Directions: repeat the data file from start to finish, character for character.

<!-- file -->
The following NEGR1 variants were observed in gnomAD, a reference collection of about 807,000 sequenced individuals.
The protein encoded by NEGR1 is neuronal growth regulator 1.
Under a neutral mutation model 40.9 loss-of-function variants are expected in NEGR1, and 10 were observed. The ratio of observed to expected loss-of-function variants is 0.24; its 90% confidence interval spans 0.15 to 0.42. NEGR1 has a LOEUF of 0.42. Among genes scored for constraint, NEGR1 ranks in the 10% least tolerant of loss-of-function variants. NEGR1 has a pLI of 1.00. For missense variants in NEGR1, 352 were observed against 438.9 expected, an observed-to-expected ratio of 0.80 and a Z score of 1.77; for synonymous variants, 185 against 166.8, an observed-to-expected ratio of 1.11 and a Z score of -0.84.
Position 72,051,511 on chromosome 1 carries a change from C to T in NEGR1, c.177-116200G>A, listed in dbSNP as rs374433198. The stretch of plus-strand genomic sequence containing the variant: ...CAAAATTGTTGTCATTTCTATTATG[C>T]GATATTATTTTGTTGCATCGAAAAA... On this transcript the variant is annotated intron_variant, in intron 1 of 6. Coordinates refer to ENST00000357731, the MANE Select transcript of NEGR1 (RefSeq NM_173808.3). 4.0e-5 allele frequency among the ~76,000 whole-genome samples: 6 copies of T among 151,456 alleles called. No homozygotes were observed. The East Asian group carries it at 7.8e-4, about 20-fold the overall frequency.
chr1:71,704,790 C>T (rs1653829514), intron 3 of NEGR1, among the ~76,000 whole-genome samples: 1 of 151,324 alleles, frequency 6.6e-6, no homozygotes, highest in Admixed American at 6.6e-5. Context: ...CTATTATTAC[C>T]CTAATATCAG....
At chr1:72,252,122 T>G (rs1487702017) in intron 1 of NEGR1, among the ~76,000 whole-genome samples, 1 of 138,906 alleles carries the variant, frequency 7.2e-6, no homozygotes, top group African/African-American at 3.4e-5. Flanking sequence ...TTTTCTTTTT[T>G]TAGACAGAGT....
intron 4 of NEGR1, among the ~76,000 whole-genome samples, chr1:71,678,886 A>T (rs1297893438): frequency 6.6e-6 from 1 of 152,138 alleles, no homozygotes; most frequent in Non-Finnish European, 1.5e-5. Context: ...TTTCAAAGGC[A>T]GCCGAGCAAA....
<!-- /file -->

The following NEGR1 variants were observed in gnomAD, a reference collection of about 807,000 sequenced individuals.
The protein encoded by NEGR1 is neuronal growth regulator 1.
Under a neutral mutation model 40.9 loss-of-function variants are expected in NEGR1, and 10 were observed. The ratio of observed to expected loss-of-function variants is 0.24; its 90% confidence interval spans 0.15 to 0.42. NEGR1 has a LOEUF of 0.42. Among genes scored for constraint, NEGR1 ranks in the 10% least tolerant of loss-of-function variants. NEGR1 has a pLI of 1.00. For missense variants in NEGR1, 352 were observed against 438.9 expected, an observed-to-expected ratio of 0.80 and a Z score of 1.77; for synonymous variants, 185 against 166.8, an observed-to-expected ratio of 1.11 and a Z score of -0.84.
Position 72,051,511 on chromosome 1 carries a change from C to T in NEGR1, c.177-116200G>A, listed in dbSNP as rs374433198. The stretch of plus-strand genomic sequence containing the variant: ...CAAAATTGTTGTCATTTCTATTATG[C>T]GATATTATTTTGTTGCATCGAAAAA... On this transcript the variant is annotated intron_variant, in intron 1 of 6. Coordinates refer to ENST00000357731, the MANE Select transcript of NEGR1 (RefSeq NM_173808.3). 4.0e-5 allele frequency among the ~76,000 whole-genome samples: 6 copies of T among 151,456 alleles called. No homozygotes were observed. The East Asian group carries it at 7.8e-4, about 20-fold the overall frequency.
chr1:71,704,790 C>T (rs1653829514), intron 3 of NEGR1, among the ~76,000 whole-genome samples: 1 of 151,324 alleles, frequency 6.6e-6, no homozygotes, highest in Admixed American at 6.6e-5. Context: ...CTATTATTAC[C>T]CTAATATCAG....
At chr1:72,252,122 T>G (rs1487702017) in intron 1 of NEGR1, among the ~76,000 whole-genome samples, 1 of 138,906 alleles carries the variant, frequency 7.2e-6, no homozygotes, top group African/African-American at 3.4e-5. Flanking sequence ...TTTTCTTTTT[T>G]TAGACAGAGT....
intron 4 of NEGR1, among the ~76,000 whole-genome samples, chr1:71,678,886 A>T (rs1297893438): frequency 6.6e-6 from 1 of 152,138 alleles, no homozygotes; most frequent in Non-Finnish European, 1.5e-5. Context: ...TTTCAAAGGC[A>T]GCCGAGCAAA....